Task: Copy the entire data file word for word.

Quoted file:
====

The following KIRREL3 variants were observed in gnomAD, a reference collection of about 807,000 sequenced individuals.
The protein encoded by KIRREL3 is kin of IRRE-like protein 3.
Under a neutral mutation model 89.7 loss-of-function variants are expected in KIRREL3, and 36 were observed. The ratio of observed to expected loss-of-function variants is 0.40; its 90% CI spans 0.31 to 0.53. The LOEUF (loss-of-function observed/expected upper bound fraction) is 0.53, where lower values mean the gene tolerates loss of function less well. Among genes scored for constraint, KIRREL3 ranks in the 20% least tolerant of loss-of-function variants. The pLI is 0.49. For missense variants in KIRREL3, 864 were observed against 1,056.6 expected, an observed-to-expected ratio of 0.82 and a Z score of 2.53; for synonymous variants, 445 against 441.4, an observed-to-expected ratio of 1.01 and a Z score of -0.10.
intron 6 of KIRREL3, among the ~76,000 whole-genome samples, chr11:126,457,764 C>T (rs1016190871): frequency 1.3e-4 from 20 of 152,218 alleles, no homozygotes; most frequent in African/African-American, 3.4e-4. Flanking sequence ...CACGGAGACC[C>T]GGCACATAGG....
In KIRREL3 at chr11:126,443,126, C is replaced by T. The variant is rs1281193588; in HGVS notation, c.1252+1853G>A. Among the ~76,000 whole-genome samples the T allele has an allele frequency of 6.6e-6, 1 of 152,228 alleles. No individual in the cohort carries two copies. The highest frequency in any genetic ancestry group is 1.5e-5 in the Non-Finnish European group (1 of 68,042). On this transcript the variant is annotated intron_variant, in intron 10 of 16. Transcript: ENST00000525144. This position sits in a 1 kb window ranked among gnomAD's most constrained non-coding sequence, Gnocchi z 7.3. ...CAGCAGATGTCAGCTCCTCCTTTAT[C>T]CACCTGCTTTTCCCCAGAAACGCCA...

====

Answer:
The following KIRREL3 variants were observed in gnomAD, a reference collection of about 807,000 sequenced individuals.
The protein encoded by KIRREL3 is kin of IRRE-like protein 3.
Under a neutral mutation model 89.7 loss-of-function variants are expected in KIRREL3, and 36 were observed. The ratio of observed to expected loss-of-function variants is 0.40; its 90% CI spans 0.31 to 0.53. The LOEUF (loss-of-function observed/expected upper bound fraction) is 0.53, where lower values mean the gene tolerates loss of function less well. Among genes scored for constraint, KIRREL3 ranks in the 20% least tolerant of loss-of-function variants. The pLI is 0.49. For missense variants in KIRREL3, 864 were observed against 1,056.6 expected, an observed-to-expected ratio of 0.82 and a Z score of 2.53; for synonymous variants, 445 against 441.4, an observed-to-expected ratio of 1.01 and a Z score of -0.10.
intron 6 of KIRREL3, among the ~76,000 whole-genome samples, chr11:126,457,764 C>T (rs1016190871): frequency 1.3e-4 from 20 of 152,218 alleles, no homozygotes; most frequent in African/African-American, 3.4e-4. Flanking sequence ...CACGGAGACC[C>T]GGCACATAGG....
In KIRREL3 at chr11:126,443,126, C is replaced by T. The variant is rs1281193588; in HGVS notation, c.1252+1853G>A. Among the ~76,000 whole-genome samples the T allele has an allele frequency of 6.6e-6, 1 of 152,228 alleles. No individual in the cohort carries two copies. The highest frequency in any genetic ancestry group is 1.5e-5 in the Non-Finnish European group (1 of 68,042). On this transcript the variant is annotated intron_variant, in intron 10 of 16. Transcript: ENST00000525144. This position sits in a 1 kb window ranked among gnomAD's most constrained non-coding sequence, Gnocchi z 7.3. ...CAGCAGATGTCAGCTCCTCCTTTAT[C>T]CACCTGCTTTTCCCCAGAAACGCCA...